D. Doremy's Pegging Game
time limit per test
1.5 seconds
memory limit per test
512 megabytes
standard input
standard output

Doremy has $$$n+1$$$ pegs. There are $$$n$$$ red pegs arranged as vertices of a regular $$$n$$$-sided polygon, numbered from $$$1$$$ to $$$n$$$ in anti-clockwise order. There is also a blue peg of slightly smaller diameter in the middle of the polygon. A rubber band is stretched around the red pegs.

Doremy is very bored today and has decided to play a game. Initially, she has an empty array $$$a$$$. While the rubber band does not touch the blue peg, she will:

  1. choose $$$i$$$ ($$$1 \leq i \leq n$$$) such that the red peg $$$i$$$ has not been removed;
  2. remove the red peg $$$i$$$;
  3. append $$$i$$$ to the back of $$$a$$$.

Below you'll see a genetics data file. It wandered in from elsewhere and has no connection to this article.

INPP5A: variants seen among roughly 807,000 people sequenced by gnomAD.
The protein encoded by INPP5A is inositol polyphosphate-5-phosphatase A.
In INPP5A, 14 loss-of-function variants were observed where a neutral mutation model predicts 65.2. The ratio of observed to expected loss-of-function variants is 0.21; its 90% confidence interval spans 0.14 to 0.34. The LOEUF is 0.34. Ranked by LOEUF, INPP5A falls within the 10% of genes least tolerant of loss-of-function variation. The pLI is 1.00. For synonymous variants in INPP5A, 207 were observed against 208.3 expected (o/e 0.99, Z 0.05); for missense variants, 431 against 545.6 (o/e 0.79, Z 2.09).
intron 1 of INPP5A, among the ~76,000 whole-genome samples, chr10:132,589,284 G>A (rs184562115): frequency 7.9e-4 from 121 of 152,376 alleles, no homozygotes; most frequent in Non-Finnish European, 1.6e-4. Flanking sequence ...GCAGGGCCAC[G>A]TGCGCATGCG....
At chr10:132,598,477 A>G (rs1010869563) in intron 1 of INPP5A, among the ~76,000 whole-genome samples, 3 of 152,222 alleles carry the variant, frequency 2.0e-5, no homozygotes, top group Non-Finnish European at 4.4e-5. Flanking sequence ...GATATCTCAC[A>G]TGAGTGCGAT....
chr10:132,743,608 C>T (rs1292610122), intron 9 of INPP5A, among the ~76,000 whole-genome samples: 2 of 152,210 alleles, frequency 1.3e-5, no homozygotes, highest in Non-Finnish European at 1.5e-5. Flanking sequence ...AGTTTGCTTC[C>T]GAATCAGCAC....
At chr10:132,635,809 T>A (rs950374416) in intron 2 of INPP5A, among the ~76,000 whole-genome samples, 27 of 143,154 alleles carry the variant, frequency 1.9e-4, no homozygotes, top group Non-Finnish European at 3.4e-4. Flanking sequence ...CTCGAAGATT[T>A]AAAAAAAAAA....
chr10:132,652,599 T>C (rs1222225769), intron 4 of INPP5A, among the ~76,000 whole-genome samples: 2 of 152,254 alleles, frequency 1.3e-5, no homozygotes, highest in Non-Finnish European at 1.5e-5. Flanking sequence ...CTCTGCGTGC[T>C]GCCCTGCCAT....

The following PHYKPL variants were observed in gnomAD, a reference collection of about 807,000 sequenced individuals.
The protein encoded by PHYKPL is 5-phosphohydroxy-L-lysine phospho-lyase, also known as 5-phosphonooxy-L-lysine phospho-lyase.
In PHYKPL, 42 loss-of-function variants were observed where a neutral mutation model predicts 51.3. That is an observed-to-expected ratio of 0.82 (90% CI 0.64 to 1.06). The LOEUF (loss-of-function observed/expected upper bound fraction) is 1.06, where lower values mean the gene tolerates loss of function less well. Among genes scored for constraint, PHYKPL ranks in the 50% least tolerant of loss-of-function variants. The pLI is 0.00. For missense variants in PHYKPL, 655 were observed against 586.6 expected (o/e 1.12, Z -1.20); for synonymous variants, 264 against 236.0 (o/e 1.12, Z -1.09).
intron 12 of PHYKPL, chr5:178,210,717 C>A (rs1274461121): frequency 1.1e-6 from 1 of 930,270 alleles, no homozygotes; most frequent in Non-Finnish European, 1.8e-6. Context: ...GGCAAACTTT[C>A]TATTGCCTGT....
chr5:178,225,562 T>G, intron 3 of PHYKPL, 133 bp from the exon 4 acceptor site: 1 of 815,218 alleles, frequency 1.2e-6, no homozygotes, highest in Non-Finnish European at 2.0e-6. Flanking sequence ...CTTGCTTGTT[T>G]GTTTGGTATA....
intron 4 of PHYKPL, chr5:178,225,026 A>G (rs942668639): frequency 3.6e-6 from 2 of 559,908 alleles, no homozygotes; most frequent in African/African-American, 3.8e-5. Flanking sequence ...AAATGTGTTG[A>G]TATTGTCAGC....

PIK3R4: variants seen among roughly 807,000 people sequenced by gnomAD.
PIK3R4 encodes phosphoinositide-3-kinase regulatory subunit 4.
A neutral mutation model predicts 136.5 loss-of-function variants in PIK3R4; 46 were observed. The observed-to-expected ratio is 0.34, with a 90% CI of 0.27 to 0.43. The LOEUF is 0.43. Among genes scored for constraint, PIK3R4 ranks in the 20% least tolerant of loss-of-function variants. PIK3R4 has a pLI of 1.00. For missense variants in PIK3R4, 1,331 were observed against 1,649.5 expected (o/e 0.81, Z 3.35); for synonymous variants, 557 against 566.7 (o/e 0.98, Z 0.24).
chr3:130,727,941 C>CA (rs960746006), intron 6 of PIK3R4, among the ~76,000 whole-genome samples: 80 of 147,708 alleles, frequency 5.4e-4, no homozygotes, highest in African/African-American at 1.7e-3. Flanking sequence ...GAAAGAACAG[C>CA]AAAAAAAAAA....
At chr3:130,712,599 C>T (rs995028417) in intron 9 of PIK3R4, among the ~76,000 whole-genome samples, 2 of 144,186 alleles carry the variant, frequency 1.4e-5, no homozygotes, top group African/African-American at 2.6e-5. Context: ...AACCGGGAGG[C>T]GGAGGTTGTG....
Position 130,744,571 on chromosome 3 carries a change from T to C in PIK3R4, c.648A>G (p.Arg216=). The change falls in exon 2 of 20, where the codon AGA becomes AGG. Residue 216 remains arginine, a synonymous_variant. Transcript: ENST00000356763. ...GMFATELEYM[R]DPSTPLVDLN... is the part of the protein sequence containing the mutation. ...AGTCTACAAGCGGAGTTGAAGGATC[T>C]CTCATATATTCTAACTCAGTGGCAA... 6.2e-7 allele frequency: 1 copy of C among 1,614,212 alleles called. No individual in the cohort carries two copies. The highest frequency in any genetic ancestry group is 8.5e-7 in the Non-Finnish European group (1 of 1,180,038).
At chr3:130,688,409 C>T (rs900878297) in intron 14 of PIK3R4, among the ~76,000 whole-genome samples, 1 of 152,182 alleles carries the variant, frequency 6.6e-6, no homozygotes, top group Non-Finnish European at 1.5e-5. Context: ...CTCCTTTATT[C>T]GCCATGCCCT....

Doremy wonders how many possible different arrays $$$a$$$ can be produced by the following process. Since the answer can be big, you are only required to output it modulo $$$p$$$. $$$p$$$ is guaranteed to be a prime number.

game with $$$n=9$$$ and $$$a=[7,5,2,8,3,9,4]$$$ and another game with $$$n=8$$$ and $$$a=[3,4,7,1,8,5,2]$$$

The first line contains two integers $$$n$$$ and $$$p$$$ ($$$3 \leq n \leq 5000$$$, $$$10^8 \le p \le 10^9$$$) — the number of red pegs and the modulo respectively.

$$$p$$$ is guaranteed to be a prime number.


Output a single integer, the number of different arrays $$$a$$$ that can be produced by the process described above modulo $$$p$$$.

4 100000007
1145 141919831

In the first test case, $$$n=4$$$, some possible arrays $$$a$$$ that can be produced are $$$[4,2,3]$$$ and $$$[1,4]$$$. However, it is not possible for $$$a$$$ to be $$$[1]$$$ or $$$[1,4,3]$$$.